Diabetic eye disease can be a devastating diagnosis for patients, as it leads to sight-threatening complications for an estimated 4.4% of those with diabetes.1 And while newer therapies such as anti–vascular endothelial growth factor injections have been a boon for most patients with nonproliferative diabetic retinopathy, the mainstay therapy for the proliferative form remains panretinal photocoagulation (PRP).2

Unfortunately, laser photocoagulation can cause its own problems, including nyctalopia, reduced contrast sensitivity, visual field constriction and optic atrophy.3 A new study suggests clinicians should add reading ability to the list of activities affected by the therapy—and testing a patient’s visual acuity may not uncover the deficit.4

Researchers studied 30 patients treated with PRP and 15 controls and recorded best-corrected visual acuity, the Minnesota reading test, frequency-doubling perimetry (FDP) and fundus photography. They found PRP-treated patients had worse reading acuity and needed bigger critical print size compared with the controls, although their reading speed was no different than it was for controls. The investigators also found reading acuity was positively correlated with acuity and negatively correlated with perimetry foveal threshold.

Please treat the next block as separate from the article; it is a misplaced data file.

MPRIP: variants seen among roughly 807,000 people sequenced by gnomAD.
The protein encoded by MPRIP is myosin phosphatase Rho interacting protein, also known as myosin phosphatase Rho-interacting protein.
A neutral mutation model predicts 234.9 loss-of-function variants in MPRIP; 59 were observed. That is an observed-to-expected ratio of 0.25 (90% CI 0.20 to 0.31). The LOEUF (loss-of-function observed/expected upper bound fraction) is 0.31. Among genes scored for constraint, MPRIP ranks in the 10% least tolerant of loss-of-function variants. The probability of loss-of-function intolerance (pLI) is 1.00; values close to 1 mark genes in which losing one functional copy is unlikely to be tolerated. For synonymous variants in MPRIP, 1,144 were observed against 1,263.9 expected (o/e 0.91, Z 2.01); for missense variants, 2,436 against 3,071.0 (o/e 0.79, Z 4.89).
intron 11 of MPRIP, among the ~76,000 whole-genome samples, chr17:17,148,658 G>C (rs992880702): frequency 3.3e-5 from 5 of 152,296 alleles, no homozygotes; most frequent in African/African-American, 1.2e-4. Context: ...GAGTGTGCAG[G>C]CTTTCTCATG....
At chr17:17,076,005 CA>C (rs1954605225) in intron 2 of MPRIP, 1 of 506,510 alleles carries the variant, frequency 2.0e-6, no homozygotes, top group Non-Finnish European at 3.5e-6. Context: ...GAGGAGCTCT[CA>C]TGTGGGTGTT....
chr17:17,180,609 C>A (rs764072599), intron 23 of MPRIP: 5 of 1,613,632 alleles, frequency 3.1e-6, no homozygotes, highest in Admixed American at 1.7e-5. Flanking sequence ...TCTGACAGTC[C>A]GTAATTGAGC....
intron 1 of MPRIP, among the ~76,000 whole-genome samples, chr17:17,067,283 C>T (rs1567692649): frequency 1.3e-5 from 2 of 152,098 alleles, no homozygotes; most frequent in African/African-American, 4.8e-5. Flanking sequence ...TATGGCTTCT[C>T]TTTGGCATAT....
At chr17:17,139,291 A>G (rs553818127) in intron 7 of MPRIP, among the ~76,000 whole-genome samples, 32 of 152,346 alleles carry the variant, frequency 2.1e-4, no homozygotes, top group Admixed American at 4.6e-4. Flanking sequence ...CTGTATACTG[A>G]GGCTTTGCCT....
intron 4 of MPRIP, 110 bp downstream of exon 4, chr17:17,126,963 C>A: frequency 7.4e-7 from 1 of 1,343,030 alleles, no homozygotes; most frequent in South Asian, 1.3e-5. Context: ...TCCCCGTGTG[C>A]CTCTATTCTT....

They concluded that the Minnesota reading test may be a useful tool for better understanding patients’ reading abilities post-treatment and how that may affect quality of life. “These findings may lead to improved means to evaluate and enhance vision following treatment for PDR,” they stated.

1. Zhang X, Saaddine JB, Chou CF, et al. Prevalence of diabetic retinopathy in the United States, 2005-2008. JAMA. 2010;304(6):649-56.

2. Wong TY, Kawasaki R, Ruamviboonsuk P, et al. Guidelines on diabetic care: the international council of ophthalmology recommendations for screening, follow-up, referral and treatment based on resource settings. Ophthalmology. 2018;125(10):1608-22.

3. Fong DS, Girach A, Boney A. Visual side effects of successful scatter laser photocoagulation surgery for proliferative diabetic retinopathy: a literature review. Retina. 2007;27(7):816-24.

4. Omari A, Niziol LM, Gardner TW. Reading deficits in diabetic patients treated with panretinal photocoagulation and good visual acuity. Acta Ophthalmol. April 9, 2019. [Epub ahead of print].